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Interviewees: Susanne Jaeggi and Martin Buschkuehl, University of Michigan
Train Your Brain
The idea of giving your brain a workout isn’t a new one, but the stumbling block has been to find a way to train your brain that actually shows improvement in other, unrelated mental tasks.
Jaeggi says they gave the volunteers basic intelligence tests both before and after the training and found that, “After training … people actually got smarter in these (intelligence) tests.”
She says, “In other training programs that are on the market, people get (better at a) particular task, so they form very task-specific strategies." However, she adds, “Their ability does not transfer to domains other than the training task, itself.”
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For example, she says, people have been able to train themselves to remember long sequences of numbers, but if the sequence changes to letters or shapes, people have to start over and re-train with the new material.
“We sat people in front of computer screens and they had to do a very complicated task,” explains Jaeggi. She says, “What people saw was squares coming up one after another… and they had to remember the order in which the squares were appearing.”
Writing in the “Proceedings of the National Academy of Sciences,” they said volunteers saw a series of squares and than had to press a button whenever a square matched a previously viewed square seen anywhere from one to nine squares back. At the same time people heard letters and had to press another button when the letters matched. As people get better, participants had to remember squares or letters that were further back in the sequence, making the task even more difficult.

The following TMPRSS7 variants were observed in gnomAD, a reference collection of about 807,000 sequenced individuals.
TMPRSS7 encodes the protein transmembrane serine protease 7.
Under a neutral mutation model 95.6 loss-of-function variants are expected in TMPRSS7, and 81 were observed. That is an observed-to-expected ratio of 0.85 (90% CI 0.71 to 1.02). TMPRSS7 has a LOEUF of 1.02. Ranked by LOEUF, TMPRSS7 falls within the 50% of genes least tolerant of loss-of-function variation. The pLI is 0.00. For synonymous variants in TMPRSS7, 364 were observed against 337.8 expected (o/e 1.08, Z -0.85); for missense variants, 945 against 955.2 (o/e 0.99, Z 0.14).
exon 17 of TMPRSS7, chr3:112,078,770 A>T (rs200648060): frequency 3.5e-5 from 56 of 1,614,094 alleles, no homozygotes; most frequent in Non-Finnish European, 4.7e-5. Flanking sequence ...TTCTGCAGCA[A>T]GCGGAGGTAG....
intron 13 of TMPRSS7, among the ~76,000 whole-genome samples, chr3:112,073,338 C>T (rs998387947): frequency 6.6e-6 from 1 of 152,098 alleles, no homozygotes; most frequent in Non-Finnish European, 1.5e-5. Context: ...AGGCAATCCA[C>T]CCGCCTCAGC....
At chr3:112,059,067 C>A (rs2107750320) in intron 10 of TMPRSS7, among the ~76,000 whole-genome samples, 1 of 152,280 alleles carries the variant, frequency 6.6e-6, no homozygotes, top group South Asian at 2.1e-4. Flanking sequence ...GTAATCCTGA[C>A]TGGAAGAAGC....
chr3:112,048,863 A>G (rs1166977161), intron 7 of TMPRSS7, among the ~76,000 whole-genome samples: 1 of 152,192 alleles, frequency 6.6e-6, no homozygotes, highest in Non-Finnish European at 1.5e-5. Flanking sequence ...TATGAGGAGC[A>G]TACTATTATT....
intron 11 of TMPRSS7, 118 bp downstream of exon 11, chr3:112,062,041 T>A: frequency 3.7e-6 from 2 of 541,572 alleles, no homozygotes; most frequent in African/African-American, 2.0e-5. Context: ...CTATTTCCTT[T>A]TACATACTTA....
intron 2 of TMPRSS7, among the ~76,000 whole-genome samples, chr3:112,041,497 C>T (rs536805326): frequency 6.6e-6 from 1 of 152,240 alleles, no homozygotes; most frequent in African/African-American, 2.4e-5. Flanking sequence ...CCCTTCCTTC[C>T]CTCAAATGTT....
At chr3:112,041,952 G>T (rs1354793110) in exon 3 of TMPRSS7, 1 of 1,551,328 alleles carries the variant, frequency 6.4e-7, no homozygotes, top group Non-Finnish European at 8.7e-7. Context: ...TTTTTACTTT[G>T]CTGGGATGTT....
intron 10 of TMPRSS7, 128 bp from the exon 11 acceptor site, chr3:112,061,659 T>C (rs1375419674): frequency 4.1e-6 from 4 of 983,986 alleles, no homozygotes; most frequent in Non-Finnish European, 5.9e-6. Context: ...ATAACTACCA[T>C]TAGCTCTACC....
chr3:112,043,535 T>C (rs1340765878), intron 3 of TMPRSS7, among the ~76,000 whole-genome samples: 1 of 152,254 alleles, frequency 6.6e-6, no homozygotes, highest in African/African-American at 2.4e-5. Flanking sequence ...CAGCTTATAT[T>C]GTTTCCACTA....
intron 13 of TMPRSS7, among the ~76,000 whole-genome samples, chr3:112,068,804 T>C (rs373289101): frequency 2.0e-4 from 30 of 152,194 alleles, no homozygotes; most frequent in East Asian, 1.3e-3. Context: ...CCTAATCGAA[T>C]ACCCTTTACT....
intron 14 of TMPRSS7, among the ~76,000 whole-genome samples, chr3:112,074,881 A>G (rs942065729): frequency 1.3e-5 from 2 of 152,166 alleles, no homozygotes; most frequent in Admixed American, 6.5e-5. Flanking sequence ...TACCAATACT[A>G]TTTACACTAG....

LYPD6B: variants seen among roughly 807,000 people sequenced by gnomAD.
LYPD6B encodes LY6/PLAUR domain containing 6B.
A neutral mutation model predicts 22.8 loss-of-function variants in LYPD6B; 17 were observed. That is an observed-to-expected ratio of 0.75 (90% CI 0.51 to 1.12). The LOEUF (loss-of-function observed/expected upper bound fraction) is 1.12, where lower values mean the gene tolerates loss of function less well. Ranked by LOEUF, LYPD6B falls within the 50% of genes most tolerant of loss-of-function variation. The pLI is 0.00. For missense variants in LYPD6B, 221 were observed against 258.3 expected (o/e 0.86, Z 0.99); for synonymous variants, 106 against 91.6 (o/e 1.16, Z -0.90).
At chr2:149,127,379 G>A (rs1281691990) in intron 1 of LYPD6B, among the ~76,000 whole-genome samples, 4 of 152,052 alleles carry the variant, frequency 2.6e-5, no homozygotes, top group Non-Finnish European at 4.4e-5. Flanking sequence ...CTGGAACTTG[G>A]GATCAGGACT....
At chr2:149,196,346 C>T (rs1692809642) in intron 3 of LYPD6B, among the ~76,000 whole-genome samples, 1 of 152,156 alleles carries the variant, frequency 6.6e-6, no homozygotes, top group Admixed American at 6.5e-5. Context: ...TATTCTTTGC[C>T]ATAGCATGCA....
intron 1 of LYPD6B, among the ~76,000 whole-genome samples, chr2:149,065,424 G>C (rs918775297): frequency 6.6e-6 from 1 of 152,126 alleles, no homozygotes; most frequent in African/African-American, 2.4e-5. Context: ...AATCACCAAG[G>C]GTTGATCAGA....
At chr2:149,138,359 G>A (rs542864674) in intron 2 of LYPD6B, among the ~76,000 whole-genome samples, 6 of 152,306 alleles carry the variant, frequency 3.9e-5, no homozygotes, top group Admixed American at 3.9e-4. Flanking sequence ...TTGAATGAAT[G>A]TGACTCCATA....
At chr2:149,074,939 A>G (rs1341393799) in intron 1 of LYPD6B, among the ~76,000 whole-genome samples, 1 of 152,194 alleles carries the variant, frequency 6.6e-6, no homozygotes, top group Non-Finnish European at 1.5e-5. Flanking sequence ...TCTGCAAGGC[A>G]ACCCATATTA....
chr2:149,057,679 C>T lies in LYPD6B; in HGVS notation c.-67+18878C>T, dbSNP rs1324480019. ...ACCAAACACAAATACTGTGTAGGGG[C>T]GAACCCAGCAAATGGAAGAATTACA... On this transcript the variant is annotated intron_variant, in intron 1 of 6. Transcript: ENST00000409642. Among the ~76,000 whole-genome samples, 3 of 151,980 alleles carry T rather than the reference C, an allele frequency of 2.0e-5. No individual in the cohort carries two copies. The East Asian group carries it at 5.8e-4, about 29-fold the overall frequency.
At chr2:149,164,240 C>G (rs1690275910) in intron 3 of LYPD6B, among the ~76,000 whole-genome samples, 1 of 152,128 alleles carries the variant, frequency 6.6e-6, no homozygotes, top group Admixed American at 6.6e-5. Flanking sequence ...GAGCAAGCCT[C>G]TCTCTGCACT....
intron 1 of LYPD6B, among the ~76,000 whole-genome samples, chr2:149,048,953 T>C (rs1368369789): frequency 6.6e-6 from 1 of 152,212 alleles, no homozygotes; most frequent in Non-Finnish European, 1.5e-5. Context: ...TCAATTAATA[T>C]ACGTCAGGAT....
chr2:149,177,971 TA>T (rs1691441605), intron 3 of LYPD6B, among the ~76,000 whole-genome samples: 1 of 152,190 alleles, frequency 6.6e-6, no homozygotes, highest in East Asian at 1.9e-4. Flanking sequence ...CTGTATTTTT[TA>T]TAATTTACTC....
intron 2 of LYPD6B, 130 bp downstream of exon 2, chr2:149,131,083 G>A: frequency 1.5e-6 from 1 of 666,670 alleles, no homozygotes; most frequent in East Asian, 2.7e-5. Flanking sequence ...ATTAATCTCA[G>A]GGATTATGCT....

Buschkuehl says in the post training tests the volunteers “solved 40 percent more problems (than) were presented to them than before the training.”
Jordan Harris is one of the people who volunteered to enter brain boot camp. He’s found a practical payoff, noting, “I used to lose jackets and clothes all the time, and I guess I haven’t had that problem recently.”
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However, the researchers say people might get a similar effect by challenging themselves to try new things such as learning a language or a musical instrument or learning to do old tasks in new ways.
And just like physical exercise, they believe that the impact of these “mental gymnastics” is not permanent. Says Buschkuehl, “You have to constantly train in order to keep up a good performance.” However, they are doing further research to make sure.
Jaeggi says the analogy to physical exercise is a fair one, explaining that, “If you go jogging every day, you kind of train your very basic cardiovascular system.” She notes the improved cardiovascular system then makes things from walking stairs to bicycling easier. Of our brain, Jaeggi says, “Our basic working memory capacity that we exercise then tends to spread out in all other areas that rely on this working memory capacity.”
In other words, just like the improved cardiovascular system, the improved working memory results in improved performance in more than just the training program.
The researchers say this program is not just for smart people. Jaeggi says, “Our training actually works even better for the ones that start at the lower levels (on standard intelligence tests).”
The program is also useful for older adults. She noted the oldest volunteer was 90 years old, “so people can actually train throughout their life span.”
They’re now looking at the effectiveness of their training with children, including those with learning disabilities or Attention Deficit Hyperactivity Disorder (ADHD).
People wishing to volunteer for their Brain Boot Camp can contact them at firstname.lastname@example.org.
This research was published April 28, 2008, in the Proceedings of the National Academy of Sciences and supported by grants from The Swiss National Science Foundation, National Science Foundation, and the National Institute of Mental Health.
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